Fixing Swimming's Burnout Problem Isn't That Simple

The words “burned out” infiltrate the swimming vocabulary much more frequently these days. But as swimmers hang up their goggles and caps for good, the reason why isn’t quite as simple as one may think.

Often, sport specialization is blamed as the cause for a lack of love for swimming. According to a recent Wall Street Journal report, USA Swimming has stated the number of its competitive swimmers in the 10-year-old age group fell by almost 10 percent from 2013-16. Altogether, 40 percent of those swimmers who left the sport said it was too much of a time commitment.

In response, USA Swimming is working to address the issue right now through a new ad campaign showing young swimmers competing in other sports and by rolling out a modified entry-level membership program that demands less of swimmers. 

FlexSwim, as USA Swimming is calling it, will allow swimmers from ages 5-18 to pay less and be demanded of less—only training a few times per week—while still letting them participate in two competitive meets per year. It’s a way to help swimmers who don’t want to specialize in the sport by encouraging them to become multi-interest athletes.

The aim is to keep youth athletes in the water and avoid as many burnouts as possible. Yet, there is much more to the puzzle than simply blaming years of participation as the cause, even if they were spent doing one sport.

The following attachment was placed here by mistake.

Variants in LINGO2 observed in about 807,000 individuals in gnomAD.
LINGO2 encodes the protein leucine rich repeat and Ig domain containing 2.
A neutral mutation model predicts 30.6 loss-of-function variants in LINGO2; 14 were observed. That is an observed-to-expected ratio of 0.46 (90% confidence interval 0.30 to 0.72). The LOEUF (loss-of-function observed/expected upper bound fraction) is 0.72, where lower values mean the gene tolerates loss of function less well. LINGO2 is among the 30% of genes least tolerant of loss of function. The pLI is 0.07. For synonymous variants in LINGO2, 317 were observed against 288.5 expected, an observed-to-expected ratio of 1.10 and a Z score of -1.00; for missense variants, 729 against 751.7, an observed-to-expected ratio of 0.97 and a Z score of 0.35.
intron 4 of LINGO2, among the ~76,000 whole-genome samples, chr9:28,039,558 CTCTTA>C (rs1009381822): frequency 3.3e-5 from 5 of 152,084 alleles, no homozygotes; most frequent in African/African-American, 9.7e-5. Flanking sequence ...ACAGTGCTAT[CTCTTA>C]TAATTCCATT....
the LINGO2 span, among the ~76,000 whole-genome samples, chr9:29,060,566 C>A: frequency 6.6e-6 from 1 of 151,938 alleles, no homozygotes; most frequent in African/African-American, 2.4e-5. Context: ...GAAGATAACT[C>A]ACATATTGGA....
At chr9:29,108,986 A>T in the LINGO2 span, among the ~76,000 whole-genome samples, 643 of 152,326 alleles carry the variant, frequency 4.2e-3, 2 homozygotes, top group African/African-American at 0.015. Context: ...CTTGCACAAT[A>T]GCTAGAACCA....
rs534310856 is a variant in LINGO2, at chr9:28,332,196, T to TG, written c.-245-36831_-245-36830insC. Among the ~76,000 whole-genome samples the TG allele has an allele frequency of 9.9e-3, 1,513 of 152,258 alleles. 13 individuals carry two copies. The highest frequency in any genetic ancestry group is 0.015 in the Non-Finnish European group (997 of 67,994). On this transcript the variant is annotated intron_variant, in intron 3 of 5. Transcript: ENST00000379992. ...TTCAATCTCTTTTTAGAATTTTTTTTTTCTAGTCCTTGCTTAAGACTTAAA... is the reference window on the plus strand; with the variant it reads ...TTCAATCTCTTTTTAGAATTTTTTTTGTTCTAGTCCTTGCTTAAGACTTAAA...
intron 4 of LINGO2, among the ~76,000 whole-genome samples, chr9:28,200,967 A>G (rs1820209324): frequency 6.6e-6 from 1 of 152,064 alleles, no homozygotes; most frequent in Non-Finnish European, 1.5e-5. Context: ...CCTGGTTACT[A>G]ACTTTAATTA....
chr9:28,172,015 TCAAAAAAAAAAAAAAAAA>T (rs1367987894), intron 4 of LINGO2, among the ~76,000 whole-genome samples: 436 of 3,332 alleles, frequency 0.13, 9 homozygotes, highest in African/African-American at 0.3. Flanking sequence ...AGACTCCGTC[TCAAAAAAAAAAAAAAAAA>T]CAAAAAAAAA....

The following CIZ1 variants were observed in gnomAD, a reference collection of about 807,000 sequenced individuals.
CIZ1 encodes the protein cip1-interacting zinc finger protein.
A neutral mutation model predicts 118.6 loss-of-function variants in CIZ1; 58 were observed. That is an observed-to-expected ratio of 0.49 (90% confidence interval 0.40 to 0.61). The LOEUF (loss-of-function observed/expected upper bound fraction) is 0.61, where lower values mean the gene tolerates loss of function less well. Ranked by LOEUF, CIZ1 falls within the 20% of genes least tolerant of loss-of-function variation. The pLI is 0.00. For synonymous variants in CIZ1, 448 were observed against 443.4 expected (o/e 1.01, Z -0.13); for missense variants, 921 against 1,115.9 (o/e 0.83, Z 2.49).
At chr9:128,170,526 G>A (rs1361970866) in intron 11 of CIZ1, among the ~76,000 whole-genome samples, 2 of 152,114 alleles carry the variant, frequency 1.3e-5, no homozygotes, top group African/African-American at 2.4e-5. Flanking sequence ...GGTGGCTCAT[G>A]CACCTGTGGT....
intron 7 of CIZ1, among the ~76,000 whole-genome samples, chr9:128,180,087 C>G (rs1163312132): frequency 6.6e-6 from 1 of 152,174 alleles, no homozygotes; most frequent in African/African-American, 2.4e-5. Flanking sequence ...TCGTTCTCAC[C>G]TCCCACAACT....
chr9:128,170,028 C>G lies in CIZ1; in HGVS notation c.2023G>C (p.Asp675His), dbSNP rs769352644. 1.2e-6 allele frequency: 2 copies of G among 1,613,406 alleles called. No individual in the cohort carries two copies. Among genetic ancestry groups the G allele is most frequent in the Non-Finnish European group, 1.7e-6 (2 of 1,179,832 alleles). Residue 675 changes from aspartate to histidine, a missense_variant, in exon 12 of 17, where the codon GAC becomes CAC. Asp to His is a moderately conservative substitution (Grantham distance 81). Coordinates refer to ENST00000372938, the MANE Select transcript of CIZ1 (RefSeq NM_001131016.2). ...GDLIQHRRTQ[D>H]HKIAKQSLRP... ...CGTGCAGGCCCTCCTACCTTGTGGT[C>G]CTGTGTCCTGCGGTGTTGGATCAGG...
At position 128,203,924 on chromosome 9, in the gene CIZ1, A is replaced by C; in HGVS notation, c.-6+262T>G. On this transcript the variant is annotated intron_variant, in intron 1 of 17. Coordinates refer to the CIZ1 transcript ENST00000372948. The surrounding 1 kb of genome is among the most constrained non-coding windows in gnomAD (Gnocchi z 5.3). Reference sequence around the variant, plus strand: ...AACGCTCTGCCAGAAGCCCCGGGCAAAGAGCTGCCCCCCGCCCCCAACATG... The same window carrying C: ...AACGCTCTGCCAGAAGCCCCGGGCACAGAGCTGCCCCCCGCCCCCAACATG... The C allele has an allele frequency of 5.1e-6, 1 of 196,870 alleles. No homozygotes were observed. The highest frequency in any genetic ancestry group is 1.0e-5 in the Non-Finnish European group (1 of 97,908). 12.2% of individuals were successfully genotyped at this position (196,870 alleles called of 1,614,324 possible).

Three different reasons come to mind that play a role in swimmers burning out of swimming. Thankfully, each scenario has a collaborative solution to getting the most of the circumstances.

Success Doesn’t Come Instantly

In an era of instant gratification, success still doesn’t come immediately. Like all sports, reaching swimming’s elite level requires a significant amount of work. Rarely does it hand out “get fast now” cards.

Youth sports are experiencing a new wave of thinking. Swimmers, parents, and even coaches are impatient with the process necessary to reach full potential. Thus, frustration ensues. And while frustration isn’t inherently bad, letting it force an early exit from the sport is. 

Swimming success takes time, and in some cases that could mean years and years of built up time.

Whether a swimmer specializes or not, their goals will tell what type of commitment must be made. Even with FlexSwim, outlandish goals and expectations will still be set. A few practices a week anymore will rarely translate to the rapidly increasing expectations put on youth athletes.

With big ambitions, comes a larger time commitment. That doesn’t mean the swimmers needs to specialize in swimming but they do need to understand how to persist through struggle and frustration. It especially matters when times don’t return as expected.

To keep swimmers around, less isn’t necessarily more. The idea of instant success just needs to go. But that is a group effort between the swimmer, the coach, and the parents. The swimmer needs to understand the process and be open to the path their goals demand, knowing that the road could be longer or more strenuous than expected.

Coaches need to know their swimmers' strengths and weaknesses in order to properly develop them. If you don’t know your swimmer, it could lead to disaster. The same applies to parents. Too much pressure destroys a swimmer's confidence. Just because they are good as an age-grouper doesn’t mean it will translate to an Olympic gold medal or college scholarship instantly.